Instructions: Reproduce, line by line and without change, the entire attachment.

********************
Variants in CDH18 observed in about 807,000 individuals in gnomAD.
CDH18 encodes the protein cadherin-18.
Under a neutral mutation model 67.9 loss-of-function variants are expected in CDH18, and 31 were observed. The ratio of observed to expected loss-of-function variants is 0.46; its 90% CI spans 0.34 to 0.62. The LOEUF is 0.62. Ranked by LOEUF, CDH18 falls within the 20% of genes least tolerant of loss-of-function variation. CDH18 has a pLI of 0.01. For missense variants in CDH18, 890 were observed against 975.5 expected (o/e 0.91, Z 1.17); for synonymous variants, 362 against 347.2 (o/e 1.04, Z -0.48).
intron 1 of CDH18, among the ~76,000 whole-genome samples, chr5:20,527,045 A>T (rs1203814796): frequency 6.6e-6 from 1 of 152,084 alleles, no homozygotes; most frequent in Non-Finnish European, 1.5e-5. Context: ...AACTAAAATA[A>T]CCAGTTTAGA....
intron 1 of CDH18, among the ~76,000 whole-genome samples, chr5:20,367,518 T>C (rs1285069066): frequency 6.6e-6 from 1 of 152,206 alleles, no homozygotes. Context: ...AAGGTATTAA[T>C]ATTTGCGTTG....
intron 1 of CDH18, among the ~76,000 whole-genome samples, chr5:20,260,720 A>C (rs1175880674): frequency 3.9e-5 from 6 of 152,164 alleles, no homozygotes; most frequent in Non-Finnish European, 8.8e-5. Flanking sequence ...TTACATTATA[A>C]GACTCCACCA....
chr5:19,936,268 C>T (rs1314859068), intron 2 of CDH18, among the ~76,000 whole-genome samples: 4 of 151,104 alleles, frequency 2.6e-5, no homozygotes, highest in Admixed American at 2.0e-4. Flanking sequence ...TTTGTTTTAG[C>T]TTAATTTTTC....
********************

Variants in CDH18 observed in about 807,000 individuals in gnomAD.
CDH18 encodes the protein cadherin-18.
Under a neutral mutation model 67.9 loss-of-function variants are expected in CDH18, and 31 were observed. The ratio of observed to expected loss-of-function variants is 0.46; its 90% CI spans 0.34 to 0.62. The LOEUF is 0.62. Ranked by LOEUF, CDH18 falls within the 20% of genes least tolerant of loss-of-function variation. CDH18 has a pLI of 0.01. For missense variants in CDH18, 890 were observed against 975.5 expected (o/e 0.91, Z 1.17); for synonymous variants, 362 against 347.2 (o/e 1.04, Z -0.48).
intron 1 of CDH18, among the ~76,000 whole-genome samples, chr5:20,527,045 A>T (rs1203814796): frequency 6.6e-6 from 1 of 152,084 alleles, no homozygotes; most frequent in Non-Finnish European, 1.5e-5. Context: ...AACTAAAATA[A>T]CCAGTTTAGA....
intron 1 of CDH18, among the ~76,000 whole-genome samples, chr5:20,367,518 T>C (rs1285069066): frequency 6.6e-6 from 1 of 152,206 alleles, no homozygotes. Context: ...AAGGTATTAA[T>C]ATTTGCGTTG....
intron 1 of CDH18, among the ~76,000 whole-genome samples, chr5:20,260,720 A>C (rs1175880674): frequency 3.9e-5 from 6 of 152,164 alleles, no homozygotes; most frequent in Non-Finnish European, 8.8e-5. Flanking sequence ...TTACATTATA[A>C]GACTCCACCA....
chr5:19,936,268 C>T (rs1314859068), intron 2 of CDH18, among the ~76,000 whole-genome samples: 4 of 151,104 alleles, frequency 2.6e-5, no homozygotes, highest in Admixed American at 2.0e-4. Flanking sequence ...TTTGTTTTAG[C>T]TTAATTTTTC....